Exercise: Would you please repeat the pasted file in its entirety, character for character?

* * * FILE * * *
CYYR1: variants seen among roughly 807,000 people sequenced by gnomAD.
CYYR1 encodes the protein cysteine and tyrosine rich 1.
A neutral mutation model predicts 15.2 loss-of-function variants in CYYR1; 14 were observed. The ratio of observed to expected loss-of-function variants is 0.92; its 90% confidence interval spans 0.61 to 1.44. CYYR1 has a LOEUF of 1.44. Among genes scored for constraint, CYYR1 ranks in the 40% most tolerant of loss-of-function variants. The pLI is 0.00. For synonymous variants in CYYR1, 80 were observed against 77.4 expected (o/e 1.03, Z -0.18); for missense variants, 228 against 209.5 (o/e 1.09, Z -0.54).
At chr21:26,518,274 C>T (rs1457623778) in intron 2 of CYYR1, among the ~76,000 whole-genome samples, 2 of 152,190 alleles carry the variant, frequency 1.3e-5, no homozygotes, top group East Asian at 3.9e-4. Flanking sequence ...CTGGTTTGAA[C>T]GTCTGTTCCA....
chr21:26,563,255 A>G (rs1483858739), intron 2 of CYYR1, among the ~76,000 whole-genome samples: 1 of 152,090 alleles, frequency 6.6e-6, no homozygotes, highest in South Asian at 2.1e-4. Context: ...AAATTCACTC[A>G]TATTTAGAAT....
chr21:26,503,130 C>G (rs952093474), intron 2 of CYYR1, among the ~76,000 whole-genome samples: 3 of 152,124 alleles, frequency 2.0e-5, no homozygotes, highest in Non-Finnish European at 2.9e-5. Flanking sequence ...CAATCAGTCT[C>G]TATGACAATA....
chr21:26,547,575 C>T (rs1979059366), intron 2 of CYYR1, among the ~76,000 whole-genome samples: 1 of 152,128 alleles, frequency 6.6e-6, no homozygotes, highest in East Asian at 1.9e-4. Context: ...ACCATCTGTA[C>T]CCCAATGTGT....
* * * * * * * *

CYYR1: variants seen among roughly 807,000 people sequenced by gnomAD.
CYYR1 encodes the protein cysteine and tyrosine rich 1.
A neutral mutation model predicts 15.2 loss-of-function variants in CYYR1; 14 were observed. The ratio of observed to expected loss-of-function variants is 0.92; its 90% confidence interval spans 0.61 to 1.44. CYYR1 has a LOEUF of 1.44. Among genes scored for constraint, CYYR1 ranks in the 40% most tolerant of loss-of-function variants. The pLI is 0.00. For synonymous variants in CYYR1, 80 were observed against 77.4 expected (o/e 1.03, Z -0.18); for missense variants, 228 against 209.5 (o/e 1.09, Z -0.54).
At chr21:26,518,274 C>T (rs1457623778) in intron 2 of CYYR1, among the ~76,000 whole-genome samples, 2 of 152,190 alleles carry the variant, frequency 1.3e-5, no homozygotes, top group East Asian at 3.9e-4. Flanking sequence ...CTGGTTTGAA[C>T]GTCTGTTCCA....
chr21:26,563,255 A>G (rs1483858739), intron 2 of CYYR1, among the ~76,000 whole-genome samples: 1 of 152,090 alleles, frequency 6.6e-6, no homozygotes, highest in South Asian at 2.1e-4. Context: ...AAATTCACTC[A>G]TATTTAGAAT....
chr21:26,503,130 C>G (rs952093474), intron 2 of CYYR1, among the ~76,000 whole-genome samples: 3 of 152,124 alleles, frequency 2.0e-5, no homozygotes, highest in Non-Finnish European at 2.9e-5. Flanking sequence ...CAATCAGTCT[C>G]TATGACAATA....
chr21:26,547,575 C>T (rs1979059366), intron 2 of CYYR1, among the ~76,000 whole-genome samples: 1 of 152,128 alleles, frequency 6.6e-6, no homozygotes, highest in East Asian at 1.9e-4. Context: ...ACCATCTGTA[C>T]CCCAATGTGT....